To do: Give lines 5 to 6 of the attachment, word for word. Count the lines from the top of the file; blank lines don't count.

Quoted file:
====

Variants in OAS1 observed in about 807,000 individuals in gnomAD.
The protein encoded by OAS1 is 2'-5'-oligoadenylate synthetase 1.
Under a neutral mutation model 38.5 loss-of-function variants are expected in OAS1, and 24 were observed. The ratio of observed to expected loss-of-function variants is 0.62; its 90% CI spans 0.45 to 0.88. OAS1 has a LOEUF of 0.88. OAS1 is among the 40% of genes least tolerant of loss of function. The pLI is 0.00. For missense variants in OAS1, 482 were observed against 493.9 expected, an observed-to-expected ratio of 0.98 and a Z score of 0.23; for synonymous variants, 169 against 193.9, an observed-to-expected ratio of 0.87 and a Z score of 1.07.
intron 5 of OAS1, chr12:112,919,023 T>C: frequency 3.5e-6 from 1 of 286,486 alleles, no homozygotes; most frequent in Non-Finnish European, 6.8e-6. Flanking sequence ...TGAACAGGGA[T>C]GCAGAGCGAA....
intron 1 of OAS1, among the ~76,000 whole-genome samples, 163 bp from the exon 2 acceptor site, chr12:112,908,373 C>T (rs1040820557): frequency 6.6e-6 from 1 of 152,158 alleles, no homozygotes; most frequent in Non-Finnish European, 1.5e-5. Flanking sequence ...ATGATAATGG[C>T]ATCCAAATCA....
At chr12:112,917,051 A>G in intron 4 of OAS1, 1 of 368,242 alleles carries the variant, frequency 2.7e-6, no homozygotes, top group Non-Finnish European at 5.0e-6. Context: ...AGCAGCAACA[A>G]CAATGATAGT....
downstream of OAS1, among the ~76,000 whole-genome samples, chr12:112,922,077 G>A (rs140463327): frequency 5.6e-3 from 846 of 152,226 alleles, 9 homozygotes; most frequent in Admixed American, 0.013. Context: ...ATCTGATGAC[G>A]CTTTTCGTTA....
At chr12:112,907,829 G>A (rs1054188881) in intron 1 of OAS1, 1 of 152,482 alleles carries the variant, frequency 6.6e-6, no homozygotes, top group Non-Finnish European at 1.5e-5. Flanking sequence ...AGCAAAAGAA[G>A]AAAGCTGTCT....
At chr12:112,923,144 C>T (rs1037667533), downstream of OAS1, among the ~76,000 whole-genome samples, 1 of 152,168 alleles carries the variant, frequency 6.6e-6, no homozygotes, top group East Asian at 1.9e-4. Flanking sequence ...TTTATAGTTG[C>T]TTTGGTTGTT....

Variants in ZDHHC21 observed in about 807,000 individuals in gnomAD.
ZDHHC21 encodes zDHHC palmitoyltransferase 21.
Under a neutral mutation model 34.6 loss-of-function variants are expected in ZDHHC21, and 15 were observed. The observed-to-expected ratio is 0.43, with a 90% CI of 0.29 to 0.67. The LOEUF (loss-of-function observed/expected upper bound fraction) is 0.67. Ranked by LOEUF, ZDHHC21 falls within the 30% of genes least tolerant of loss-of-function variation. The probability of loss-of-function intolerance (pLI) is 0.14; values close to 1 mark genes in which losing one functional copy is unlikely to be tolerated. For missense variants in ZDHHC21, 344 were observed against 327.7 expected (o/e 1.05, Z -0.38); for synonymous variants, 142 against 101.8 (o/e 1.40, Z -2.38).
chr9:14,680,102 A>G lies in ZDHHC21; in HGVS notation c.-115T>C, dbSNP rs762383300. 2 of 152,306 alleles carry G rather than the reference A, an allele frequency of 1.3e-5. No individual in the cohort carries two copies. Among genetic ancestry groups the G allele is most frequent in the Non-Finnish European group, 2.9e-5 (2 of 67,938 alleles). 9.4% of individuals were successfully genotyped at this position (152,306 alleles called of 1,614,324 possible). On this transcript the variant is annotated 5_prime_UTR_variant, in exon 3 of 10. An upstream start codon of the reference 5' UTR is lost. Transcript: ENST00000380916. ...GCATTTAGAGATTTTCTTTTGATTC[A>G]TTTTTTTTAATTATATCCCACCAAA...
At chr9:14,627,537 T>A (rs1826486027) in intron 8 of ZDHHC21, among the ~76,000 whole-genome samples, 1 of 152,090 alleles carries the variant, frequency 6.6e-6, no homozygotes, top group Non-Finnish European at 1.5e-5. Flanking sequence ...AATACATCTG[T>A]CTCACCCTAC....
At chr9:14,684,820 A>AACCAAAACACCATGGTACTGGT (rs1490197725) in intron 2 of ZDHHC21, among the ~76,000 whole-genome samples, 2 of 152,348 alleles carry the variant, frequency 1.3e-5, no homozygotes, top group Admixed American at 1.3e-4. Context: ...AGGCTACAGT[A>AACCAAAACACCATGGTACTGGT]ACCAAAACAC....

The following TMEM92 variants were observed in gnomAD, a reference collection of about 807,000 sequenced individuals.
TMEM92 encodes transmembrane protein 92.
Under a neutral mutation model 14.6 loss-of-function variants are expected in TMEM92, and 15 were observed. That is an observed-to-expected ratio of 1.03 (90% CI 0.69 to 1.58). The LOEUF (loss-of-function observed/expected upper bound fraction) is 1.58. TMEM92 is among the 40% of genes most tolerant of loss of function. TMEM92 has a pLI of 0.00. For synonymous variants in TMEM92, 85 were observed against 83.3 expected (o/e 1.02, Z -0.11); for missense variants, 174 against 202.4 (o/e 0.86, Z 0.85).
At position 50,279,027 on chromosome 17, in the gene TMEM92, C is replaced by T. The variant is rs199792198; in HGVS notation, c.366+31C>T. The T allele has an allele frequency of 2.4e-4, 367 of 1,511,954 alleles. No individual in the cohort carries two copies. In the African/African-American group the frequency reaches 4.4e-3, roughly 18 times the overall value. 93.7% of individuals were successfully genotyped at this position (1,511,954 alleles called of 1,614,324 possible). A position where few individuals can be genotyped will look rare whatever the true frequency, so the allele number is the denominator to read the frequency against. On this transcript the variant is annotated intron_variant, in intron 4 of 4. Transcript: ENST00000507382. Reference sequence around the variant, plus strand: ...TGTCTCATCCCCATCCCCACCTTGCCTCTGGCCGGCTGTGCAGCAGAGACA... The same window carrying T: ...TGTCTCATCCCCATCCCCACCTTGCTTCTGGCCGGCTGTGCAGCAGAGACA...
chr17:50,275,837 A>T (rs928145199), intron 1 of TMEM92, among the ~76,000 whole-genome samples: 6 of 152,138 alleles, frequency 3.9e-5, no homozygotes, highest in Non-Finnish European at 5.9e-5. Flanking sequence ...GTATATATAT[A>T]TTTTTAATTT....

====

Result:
intron 1 of OAS1, among the ~76,000 whole-genome samples, 163 bp from the exon 2 acceptor site, chr12:112,908,373 C>T (rs1040820557): frequency 6.6e-6 from 1 of 152,158 alleles, no homozygotes; most frequent in Non-Finnish European, 1.5e-5. Flanking sequence ...ATGATAATGG[C>T]ATCCAAATCA....
At chr12:112,917,051 A>G in intron 4 of OAS1, 1 of 368,242 alleles carries the variant, frequency 2.7e-6, no homozygotes, top group Non-Finnish European at 5.0e-6. Context: ...AGCAGCAACA[A>G]CAATGATAGT....